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Scottish National Dictionary (1700–)

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First published 1956 (SND Vol. IV). Includes material from the 2005 supplement.
This entry has not been updated since then but may contain minor corrections and revisions.

FORENICHT, n. Also -night, foor- (Dmf. 1921 J. L. Waugh Heroes 78) and extended form fore-winter-nicht (Knr. 1925 “H. Haliburton” Horace 176). The part of the day between twilight and bedtime; the evening, esp. the winter evening, as a time of relaxation and social entertainment (Sc. 1808 Jam.; ne.Sc., Ags., Per., Fif., Ayr., Gall., Dmf. 1953). Hence forenichter, one who spends a social evening at another's house; to gie (somebody) a forenicht, to spend such an evening (Bnff.2 1943).Ags. 1761 in D. H. Edwards Fisher Folks (1921) 226:
He attended all forenight very publicly the last day of the same marriage.
Dmf. 1810 R. Cromek Remains 299:
We kent nae but it was drunken fowk riding to the fair, i' the forenight.
Gall. 1824 MacTaggart Gallov. Encycl. 208:
In summer there are no fore-nichts.
Per. 1831 R. Nicoll Poems (1855) 34:
All day I attend to my business; and in the fore-nights I learn my grammar.
ne.Sc. 1874 W. Gregor Olden Time 28:
Civilities were interchanged by one or more neighbours spending the evening with them, or, in common language, by geein' thim a forenicht.
Ib. 29:
The young men accompanied the fore-nichters to their home.
Abd. 1900 C. Murray Hamewith 46:
Syne O for a nicht, ae lang forenicht, Ower the dambrod spent or cairtin'.
Edb. 1900 E. H. Strain Elmslie's Drag-Net 40:
I sat doon on a creepie-stool that forenicht an' grat.
Dmf. 1912 J. L. Waugh Robbie Doo 34:
Wi' the help o' my faither o' a forenicht I was sune through the A.B.C's.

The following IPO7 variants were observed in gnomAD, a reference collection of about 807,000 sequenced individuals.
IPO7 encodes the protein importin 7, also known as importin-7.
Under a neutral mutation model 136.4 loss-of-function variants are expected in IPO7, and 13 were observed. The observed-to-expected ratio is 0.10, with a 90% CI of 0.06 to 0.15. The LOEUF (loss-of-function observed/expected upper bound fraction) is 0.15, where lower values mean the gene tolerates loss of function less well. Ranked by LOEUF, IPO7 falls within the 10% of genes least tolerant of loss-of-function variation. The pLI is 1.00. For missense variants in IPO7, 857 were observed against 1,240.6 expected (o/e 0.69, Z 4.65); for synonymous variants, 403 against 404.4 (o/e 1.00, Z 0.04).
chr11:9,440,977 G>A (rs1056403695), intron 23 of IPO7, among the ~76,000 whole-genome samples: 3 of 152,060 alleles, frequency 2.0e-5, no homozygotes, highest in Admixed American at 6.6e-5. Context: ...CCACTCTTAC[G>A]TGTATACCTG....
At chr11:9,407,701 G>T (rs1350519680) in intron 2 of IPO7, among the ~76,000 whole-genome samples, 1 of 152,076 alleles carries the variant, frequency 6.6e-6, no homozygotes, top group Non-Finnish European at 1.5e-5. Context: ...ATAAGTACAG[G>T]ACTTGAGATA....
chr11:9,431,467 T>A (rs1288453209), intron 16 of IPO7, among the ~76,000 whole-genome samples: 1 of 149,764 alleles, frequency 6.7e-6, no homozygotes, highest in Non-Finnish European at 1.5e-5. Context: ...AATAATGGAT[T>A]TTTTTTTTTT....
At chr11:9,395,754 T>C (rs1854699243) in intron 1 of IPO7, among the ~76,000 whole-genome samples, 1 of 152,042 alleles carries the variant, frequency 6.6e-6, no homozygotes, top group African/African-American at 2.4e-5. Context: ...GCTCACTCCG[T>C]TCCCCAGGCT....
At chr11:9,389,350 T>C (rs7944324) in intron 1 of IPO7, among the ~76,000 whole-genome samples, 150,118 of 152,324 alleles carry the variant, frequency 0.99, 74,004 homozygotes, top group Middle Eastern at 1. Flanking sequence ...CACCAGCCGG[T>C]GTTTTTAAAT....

Rxb. 1923 Kelso Chronicle (5 Jan.) 4:
Allowing an hour or so of the fore-night to pass to admit of preparation, the guests began to drop in.
ne.Sc. 1950 Scots Mag. (Aug.) 345:
Glen Dye is in Kincardineshire, so I suppose I should use the North-East term, “fore-nicht,” instead of the Gaelic “ceilidh,” but whichever word it is, the meaning is just the same — an informal gathering of folk around the fireside, when the old songs and music of the district come to life again.
ne.Sc. 1992 Press and Journal 4 Jul 2:
At the height of the day the sun was too hot for such work, so I set to in the "forenicht". ... You know, it is a terrible shame that we allow words such as "evening" to supplant the guid Scots' "forenicht".
em.Sc. 2000 James Robertson The Fanatic 118:
The sudden ferocity in his tone threw Mitchel into confusion. He had no idea what the letters had said; he had destroyed them. 'It wasna for me tae ken,' he mumbled. 'I was obeyin an order. Forby, the day wasna lost till the forenicht.'

[Fore-, 2. (or fore, prep.) + Nicht . O.Sc. has forenycht, id., from 1513.]

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"Forenicht n.". Dictionary of the Scots Language. 2004. Scottish Language Dictionaries Ltd. Accessed 12 Jul 2024 <>



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